Professor Bainbridge seems to be saying that it’s appropriate for Republicans to have an opinion regarding how judges should be ruling. I agree, because I certainly have my opinions. One of the cornerstones of a free country is the right to have an opinion regarding how it should be run.
I would like to remind the world that it was Democratic president Franklin D. Roosevelt who first politicized the courts. Back in those days, the Supreme Court held that under the Constitution, the federal government had only limited powers (which are enumerated in Article I Section 8 ).
The history books remember FDR’s plan (which didn’t have the support of Congress) to pack the Supreme Court, but they tend to forget that during his four terms as president he appointed eight Supreme Court justices (Hugo Black, Stanley Reed, Felix Frankfurter, William O. Douglas, Frank Murphy, James Byrnes, Robert Jackson, and Wiley Rutledge), and every single one of them agreed with FDR’s way of thinking when it came to the powers of the federal government.
After FDR changed the makeup of the Supreme Court, we saw a radical shift in constitutional law, and often the new members of the court abandoned the principles of stare decisis and completely ignored the old rulings. In Wickard v. Filburn (1942), the Court ignored its entire history of rulings and established the new principle that Congress has the power to do anything it wants.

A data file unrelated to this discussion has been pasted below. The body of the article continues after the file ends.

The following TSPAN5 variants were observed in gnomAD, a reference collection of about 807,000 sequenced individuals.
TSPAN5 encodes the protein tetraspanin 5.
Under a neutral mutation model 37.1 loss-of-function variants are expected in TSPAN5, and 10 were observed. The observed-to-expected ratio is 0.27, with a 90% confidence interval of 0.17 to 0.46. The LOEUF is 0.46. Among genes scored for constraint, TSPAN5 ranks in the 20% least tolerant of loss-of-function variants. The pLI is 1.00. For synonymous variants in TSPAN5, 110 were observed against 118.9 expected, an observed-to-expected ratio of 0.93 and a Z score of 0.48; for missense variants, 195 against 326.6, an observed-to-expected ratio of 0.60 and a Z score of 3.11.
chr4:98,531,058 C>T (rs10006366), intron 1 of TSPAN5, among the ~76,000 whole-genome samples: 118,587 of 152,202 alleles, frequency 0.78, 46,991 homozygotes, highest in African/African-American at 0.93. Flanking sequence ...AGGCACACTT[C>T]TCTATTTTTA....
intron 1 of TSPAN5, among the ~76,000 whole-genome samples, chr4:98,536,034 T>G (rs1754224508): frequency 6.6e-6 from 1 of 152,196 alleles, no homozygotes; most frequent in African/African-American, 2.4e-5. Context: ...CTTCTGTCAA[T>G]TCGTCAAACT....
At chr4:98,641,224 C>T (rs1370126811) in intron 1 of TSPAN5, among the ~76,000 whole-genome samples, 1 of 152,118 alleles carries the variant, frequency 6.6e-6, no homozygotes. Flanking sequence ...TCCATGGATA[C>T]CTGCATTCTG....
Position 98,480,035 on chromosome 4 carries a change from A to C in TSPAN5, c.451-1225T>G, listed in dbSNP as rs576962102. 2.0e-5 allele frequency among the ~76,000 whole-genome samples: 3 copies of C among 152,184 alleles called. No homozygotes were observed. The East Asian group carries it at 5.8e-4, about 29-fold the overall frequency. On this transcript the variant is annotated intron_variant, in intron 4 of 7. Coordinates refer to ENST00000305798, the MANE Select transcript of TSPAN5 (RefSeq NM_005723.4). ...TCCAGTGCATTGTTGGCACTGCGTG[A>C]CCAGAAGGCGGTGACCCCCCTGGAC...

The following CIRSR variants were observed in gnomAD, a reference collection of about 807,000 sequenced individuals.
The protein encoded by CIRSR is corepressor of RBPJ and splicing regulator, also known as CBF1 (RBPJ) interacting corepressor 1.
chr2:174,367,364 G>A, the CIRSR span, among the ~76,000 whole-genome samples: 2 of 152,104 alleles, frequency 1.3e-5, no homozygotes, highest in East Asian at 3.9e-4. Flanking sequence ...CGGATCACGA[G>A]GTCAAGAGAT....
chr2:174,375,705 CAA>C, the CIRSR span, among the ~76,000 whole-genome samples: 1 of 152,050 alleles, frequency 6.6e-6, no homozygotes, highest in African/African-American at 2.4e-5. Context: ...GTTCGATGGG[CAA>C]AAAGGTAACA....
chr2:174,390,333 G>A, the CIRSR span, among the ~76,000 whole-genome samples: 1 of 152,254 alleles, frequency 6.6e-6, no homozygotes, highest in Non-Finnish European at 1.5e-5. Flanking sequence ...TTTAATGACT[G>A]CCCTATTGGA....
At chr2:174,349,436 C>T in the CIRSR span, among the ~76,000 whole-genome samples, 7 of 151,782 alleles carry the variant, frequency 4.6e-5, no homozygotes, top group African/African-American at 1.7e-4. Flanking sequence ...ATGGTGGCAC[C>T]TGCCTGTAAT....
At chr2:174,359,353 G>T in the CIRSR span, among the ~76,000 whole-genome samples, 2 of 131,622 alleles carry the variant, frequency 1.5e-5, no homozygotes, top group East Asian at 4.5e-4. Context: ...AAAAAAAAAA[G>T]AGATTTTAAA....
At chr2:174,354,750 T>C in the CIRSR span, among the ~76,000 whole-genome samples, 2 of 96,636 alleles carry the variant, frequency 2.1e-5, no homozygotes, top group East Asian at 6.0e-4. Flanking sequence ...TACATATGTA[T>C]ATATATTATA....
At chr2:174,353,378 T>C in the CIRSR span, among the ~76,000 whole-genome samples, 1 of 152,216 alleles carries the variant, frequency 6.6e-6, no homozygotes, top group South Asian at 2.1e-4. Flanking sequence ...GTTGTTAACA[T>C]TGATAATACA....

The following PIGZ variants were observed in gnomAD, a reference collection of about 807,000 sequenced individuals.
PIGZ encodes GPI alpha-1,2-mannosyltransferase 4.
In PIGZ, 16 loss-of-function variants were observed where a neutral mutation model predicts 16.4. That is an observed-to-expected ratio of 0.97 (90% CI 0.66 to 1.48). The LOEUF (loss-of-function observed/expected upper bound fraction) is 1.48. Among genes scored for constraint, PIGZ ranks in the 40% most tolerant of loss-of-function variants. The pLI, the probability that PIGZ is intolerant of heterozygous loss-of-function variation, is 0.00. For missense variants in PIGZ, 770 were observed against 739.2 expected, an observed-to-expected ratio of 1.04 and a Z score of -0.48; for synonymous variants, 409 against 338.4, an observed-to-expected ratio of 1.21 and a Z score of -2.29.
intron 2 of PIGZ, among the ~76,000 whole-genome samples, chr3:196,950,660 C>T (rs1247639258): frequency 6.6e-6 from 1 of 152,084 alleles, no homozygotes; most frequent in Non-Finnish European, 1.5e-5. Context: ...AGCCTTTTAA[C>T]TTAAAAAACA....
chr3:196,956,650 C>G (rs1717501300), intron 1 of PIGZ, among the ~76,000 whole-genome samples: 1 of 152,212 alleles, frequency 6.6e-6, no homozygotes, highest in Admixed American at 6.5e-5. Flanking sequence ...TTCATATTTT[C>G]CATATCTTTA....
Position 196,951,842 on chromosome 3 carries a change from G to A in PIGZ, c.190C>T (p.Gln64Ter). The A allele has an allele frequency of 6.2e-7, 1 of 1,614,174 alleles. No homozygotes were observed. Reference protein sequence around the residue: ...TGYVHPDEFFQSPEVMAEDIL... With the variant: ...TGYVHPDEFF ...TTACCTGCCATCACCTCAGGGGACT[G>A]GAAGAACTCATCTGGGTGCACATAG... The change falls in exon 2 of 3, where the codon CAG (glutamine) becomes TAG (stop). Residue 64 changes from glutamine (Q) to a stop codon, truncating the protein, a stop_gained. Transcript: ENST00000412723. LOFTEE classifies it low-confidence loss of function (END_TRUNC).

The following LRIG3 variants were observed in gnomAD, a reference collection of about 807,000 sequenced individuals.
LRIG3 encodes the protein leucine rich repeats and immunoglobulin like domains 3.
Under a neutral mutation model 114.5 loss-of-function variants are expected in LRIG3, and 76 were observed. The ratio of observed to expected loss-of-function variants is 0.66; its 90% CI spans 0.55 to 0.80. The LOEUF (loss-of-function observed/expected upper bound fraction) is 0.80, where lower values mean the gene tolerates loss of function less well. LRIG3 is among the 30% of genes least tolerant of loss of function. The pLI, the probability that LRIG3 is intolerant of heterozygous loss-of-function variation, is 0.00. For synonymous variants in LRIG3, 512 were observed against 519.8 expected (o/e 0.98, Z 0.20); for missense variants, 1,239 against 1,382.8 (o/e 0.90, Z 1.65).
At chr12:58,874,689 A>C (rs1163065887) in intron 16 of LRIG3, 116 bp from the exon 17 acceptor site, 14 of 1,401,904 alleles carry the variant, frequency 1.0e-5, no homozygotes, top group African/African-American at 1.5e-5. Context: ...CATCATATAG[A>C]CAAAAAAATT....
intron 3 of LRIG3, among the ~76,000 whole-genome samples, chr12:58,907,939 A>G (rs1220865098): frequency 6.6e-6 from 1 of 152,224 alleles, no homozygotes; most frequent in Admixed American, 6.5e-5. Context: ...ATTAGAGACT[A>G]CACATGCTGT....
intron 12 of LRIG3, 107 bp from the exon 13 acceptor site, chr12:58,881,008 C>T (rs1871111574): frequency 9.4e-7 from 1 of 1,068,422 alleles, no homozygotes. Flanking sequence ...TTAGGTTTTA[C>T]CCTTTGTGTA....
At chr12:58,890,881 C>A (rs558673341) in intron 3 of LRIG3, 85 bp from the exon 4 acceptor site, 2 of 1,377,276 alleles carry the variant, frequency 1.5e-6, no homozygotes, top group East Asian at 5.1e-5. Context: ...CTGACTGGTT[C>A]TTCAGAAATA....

In a comment to a previous post, Kathy questioned my statement that liberals achieved their policy goals by having their guys on the courts. Hopefully, this post will serve as an additional example of how that happened.
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Captain Ed thinks that the NY Times Magazine article is part of a left-wing offensive against GOP judicial nominees.
This piece didn't just appear by accident in the NYT. This article coordinates with a campaign under way by the Democrats to paint GOP judicial nominees as dangerously extremist and out of the mainstream.
Whatever the motive for the piece, I think that by getting into print the actual details of what conservative jurists believe, it will help publicize a point of view that has been completely ignored by the mainstream.